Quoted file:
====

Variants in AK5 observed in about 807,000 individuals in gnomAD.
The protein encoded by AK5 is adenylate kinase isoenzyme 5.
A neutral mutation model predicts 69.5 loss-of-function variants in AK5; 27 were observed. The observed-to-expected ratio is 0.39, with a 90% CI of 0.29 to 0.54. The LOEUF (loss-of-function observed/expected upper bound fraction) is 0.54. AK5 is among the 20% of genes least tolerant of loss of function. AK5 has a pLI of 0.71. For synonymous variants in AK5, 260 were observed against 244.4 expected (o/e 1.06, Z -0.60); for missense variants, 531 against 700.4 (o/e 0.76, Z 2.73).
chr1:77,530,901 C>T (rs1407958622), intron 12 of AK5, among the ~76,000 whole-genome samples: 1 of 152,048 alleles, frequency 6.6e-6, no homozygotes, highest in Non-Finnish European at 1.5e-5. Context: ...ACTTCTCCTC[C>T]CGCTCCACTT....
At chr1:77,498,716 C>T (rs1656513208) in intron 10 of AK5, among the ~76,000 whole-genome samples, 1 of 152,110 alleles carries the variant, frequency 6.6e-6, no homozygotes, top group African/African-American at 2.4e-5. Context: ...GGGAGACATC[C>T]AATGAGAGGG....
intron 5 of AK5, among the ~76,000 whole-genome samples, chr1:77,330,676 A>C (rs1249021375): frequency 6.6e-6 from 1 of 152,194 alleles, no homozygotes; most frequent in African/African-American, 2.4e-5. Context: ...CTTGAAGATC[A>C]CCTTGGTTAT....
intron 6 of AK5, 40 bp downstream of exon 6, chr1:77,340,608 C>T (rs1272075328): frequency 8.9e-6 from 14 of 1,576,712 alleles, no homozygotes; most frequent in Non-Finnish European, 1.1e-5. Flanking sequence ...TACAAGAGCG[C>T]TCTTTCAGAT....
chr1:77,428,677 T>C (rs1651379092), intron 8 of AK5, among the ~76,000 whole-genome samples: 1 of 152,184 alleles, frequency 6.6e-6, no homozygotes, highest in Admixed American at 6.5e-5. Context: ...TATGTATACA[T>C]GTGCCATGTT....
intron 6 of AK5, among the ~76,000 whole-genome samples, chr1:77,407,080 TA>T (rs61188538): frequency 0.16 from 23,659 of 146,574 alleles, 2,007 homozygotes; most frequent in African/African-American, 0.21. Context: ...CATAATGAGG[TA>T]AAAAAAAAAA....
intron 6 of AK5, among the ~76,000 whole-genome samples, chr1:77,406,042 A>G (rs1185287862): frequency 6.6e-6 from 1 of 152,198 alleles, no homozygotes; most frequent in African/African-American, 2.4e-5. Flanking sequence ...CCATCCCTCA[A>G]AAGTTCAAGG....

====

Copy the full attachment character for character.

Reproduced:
Variants in AK5 observed in about 807,000 individuals in gnomAD.
The protein encoded by AK5 is adenylate kinase isoenzyme 5.
A neutral mutation model predicts 69.5 loss-of-function variants in AK5; 27 were observed. The observed-to-expected ratio is 0.39, with a 90% CI of 0.29 to 0.54. The LOEUF (loss-of-function observed/expected upper bound fraction) is 0.54. AK5 is among the 20% of genes least tolerant of loss of function. AK5 has a pLI of 0.71. For synonymous variants in AK5, 260 were observed against 244.4 expected (o/e 1.06, Z -0.60); for missense variants, 531 against 700.4 (o/e 0.76, Z 2.73).
chr1:77,530,901 C>T (rs1407958622), intron 12 of AK5, among the ~76,000 whole-genome samples: 1 of 152,048 alleles, frequency 6.6e-6, no homozygotes, highest in Non-Finnish European at 1.5e-5. Context: ...ACTTCTCCTC[C>T]CGCTCCACTT....
At chr1:77,498,716 C>T (rs1656513208) in intron 10 of AK5, among the ~76,000 whole-genome samples, 1 of 152,110 alleles carries the variant, frequency 6.6e-6, no homozygotes, top group African/African-American at 2.4e-5. Context: ...GGGAGACATC[C>T]AATGAGAGGG....
intron 5 of AK5, among the ~76,000 whole-genome samples, chr1:77,330,676 A>C (rs1249021375): frequency 6.6e-6 from 1 of 152,194 alleles, no homozygotes; most frequent in African/African-American, 2.4e-5. Context: ...CTTGAAGATC[A>C]CCTTGGTTAT....
intron 6 of AK5, 40 bp downstream of exon 6, chr1:77,340,608 C>T (rs1272075328): frequency 8.9e-6 from 14 of 1,576,712 alleles, no homozygotes; most frequent in Non-Finnish European, 1.1e-5. Flanking sequence ...TACAAGAGCG[C>T]TCTTTCAGAT....
chr1:77,428,677 T>C (rs1651379092), intron 8 of AK5, among the ~76,000 whole-genome samples: 1 of 152,184 alleles, frequency 6.6e-6, no homozygotes, highest in Admixed American at 6.5e-5. Context: ...TATGTATACA[T>C]GTGCCATGTT....
intron 6 of AK5, among the ~76,000 whole-genome samples, chr1:77,407,080 TA>T (rs61188538): frequency 0.16 from 23,659 of 146,574 alleles, 2,007 homozygotes; most frequent in African/African-American, 0.21. Context: ...CATAATGAGG[TA>T]AAAAAAAAAA....
intron 6 of AK5, among the ~76,000 whole-genome samples, chr1:77,406,042 A>G (rs1185287862): frequency 6.6e-6 from 1 of 152,198 alleles, no homozygotes; most frequent in African/African-American, 2.4e-5. Flanking sequence ...CCATCCCTCA[A>G]AAGTTCAAGG....